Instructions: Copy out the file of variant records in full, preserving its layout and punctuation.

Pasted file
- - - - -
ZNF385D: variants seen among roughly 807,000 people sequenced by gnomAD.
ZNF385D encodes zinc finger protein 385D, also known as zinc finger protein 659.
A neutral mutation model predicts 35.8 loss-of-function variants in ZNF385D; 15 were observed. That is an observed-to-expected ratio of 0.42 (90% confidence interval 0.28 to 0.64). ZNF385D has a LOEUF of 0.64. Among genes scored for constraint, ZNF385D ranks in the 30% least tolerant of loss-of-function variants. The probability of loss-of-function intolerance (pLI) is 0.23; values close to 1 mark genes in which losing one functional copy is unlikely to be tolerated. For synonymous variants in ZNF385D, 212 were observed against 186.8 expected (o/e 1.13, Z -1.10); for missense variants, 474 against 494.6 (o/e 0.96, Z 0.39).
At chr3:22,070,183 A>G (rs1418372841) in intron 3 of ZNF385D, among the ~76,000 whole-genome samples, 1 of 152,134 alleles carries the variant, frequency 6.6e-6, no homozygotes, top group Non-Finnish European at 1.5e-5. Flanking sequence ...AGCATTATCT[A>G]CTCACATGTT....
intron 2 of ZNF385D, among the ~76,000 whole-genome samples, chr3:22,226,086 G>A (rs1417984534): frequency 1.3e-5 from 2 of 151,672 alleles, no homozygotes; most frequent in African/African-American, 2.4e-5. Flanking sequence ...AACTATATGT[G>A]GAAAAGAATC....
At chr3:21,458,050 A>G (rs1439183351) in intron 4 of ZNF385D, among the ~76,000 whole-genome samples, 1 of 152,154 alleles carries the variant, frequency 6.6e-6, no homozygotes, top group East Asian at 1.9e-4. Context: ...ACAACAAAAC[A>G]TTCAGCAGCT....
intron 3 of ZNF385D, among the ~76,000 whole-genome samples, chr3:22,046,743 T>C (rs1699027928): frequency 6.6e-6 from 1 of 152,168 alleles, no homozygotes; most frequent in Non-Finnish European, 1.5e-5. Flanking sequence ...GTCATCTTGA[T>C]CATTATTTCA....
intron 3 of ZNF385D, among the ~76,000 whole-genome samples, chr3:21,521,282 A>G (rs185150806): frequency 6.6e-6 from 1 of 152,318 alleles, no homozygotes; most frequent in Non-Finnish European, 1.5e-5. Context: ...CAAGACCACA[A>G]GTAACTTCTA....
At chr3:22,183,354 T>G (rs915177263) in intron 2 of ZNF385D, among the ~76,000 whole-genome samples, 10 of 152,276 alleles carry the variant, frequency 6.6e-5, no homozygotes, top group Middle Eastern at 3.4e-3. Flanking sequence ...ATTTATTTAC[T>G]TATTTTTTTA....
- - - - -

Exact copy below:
ZNF385D: variants seen among roughly 807,000 people sequenced by gnomAD.
ZNF385D encodes zinc finger protein 385D, also known as zinc finger protein 659.
A neutral mutation model predicts 35.8 loss-of-function variants in ZNF385D; 15 were observed. That is an observed-to-expected ratio of 0.42 (90% confidence interval 0.28 to 0.64). ZNF385D has a LOEUF of 0.64. Among genes scored for constraint, ZNF385D ranks in the 30% least tolerant of loss-of-function variants. The probability of loss-of-function intolerance (pLI) is 0.23; values close to 1 mark genes in which losing one functional copy is unlikely to be tolerated. For synonymous variants in ZNF385D, 212 were observed against 186.8 expected (o/e 1.13, Z -1.10); for missense variants, 474 against 494.6 (o/e 0.96, Z 0.39).
At chr3:22,070,183 A>G (rs1418372841) in intron 3 of ZNF385D, among the ~76,000 whole-genome samples, 1 of 152,134 alleles carries the variant, frequency 6.6e-6, no homozygotes, top group Non-Finnish European at 1.5e-5. Flanking sequence ...AGCATTATCT[A>G]CTCACATGTT....
intron 2 of ZNF385D, among the ~76,000 whole-genome samples, chr3:22,226,086 G>A (rs1417984534): frequency 1.3e-5 from 2 of 151,672 alleles, no homozygotes; most frequent in African/African-American, 2.4e-5. Flanking sequence ...AACTATATGT[G>A]GAAAAGAATC....
At chr3:21,458,050 A>G (rs1439183351) in intron 4 of ZNF385D, among the ~76,000 whole-genome samples, 1 of 152,154 alleles carries the variant, frequency 6.6e-6, no homozygotes, top group East Asian at 1.9e-4. Context: ...ACAACAAAAC[A>G]TTCAGCAGCT....
intron 3 of ZNF385D, among the ~76,000 whole-genome samples, chr3:22,046,743 T>C (rs1699027928): frequency 6.6e-6 from 1 of 152,168 alleles, no homozygotes; most frequent in Non-Finnish European, 1.5e-5. Flanking sequence ...GTCATCTTGA[T>C]CATTATTTCA....
intron 3 of ZNF385D, among the ~76,000 whole-genome samples, chr3:21,521,282 A>G (rs185150806): frequency 6.6e-6 from 1 of 152,318 alleles, no homozygotes; most frequent in Non-Finnish European, 1.5e-5. Context: ...CAAGACCACA[A>G]GTAACTTCTA....
At chr3:22,183,354 T>G (rs915177263) in intron 2 of ZNF385D, among the ~76,000 whole-genome samples, 10 of 152,276 alleles carry the variant, frequency 6.6e-5, no homozygotes, top group Middle Eastern at 3.4e-3. Flanking sequence ...ATTTATTTAC[T>G]TATTTTTTTA....